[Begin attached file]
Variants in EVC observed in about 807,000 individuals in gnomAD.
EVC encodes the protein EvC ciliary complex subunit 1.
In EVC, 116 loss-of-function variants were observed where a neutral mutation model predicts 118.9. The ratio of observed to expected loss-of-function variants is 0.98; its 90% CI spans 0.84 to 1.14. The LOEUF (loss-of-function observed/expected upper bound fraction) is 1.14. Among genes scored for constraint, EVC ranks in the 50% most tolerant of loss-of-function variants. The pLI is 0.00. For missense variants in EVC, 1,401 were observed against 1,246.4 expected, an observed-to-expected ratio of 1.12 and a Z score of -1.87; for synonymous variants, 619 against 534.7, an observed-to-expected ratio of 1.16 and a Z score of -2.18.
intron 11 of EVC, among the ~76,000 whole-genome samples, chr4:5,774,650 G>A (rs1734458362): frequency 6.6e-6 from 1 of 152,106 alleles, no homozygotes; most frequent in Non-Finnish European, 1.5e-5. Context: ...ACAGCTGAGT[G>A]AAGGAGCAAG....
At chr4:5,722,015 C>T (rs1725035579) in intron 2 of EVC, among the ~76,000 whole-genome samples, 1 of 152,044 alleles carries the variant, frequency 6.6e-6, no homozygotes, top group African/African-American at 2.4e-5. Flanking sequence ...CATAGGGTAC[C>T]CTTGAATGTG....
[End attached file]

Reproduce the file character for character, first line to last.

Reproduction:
Variants in EVC observed in about 807,000 individuals in gnomAD.
EVC encodes the protein EvC ciliary complex subunit 1.
In EVC, 116 loss-of-function variants were observed where a neutral mutation model predicts 118.9. The ratio of observed to expected loss-of-function variants is 0.98; its 90% CI spans 0.84 to 1.14. The LOEUF (loss-of-function observed/expected upper bound fraction) is 1.14. Among genes scored for constraint, EVC ranks in the 50% most tolerant of loss-of-function variants. The pLI is 0.00. For missense variants in EVC, 1,401 were observed against 1,246.4 expected, an observed-to-expected ratio of 1.12 and a Z score of -1.87; for synonymous variants, 619 against 534.7, an observed-to-expected ratio of 1.16 and a Z score of -2.18.
intron 11 of EVC, among the ~76,000 whole-genome samples, chr4:5,774,650 G>A (rs1734458362): frequency 6.6e-6 from 1 of 152,106 alleles, no homozygotes; most frequent in Non-Finnish European, 1.5e-5. Context: ...ACAGCTGAGT[G>A]AAGGAGCAAG....
At chr4:5,722,015 C>T (rs1725035579) in intron 2 of EVC, among the ~76,000 whole-genome samples, 1 of 152,044 alleles carries the variant, frequency 6.6e-6, no homozygotes, top group African/African-American at 2.4e-5. Flanking sequence ...CATAGGGTAC[C>T]CTTGAATGTG....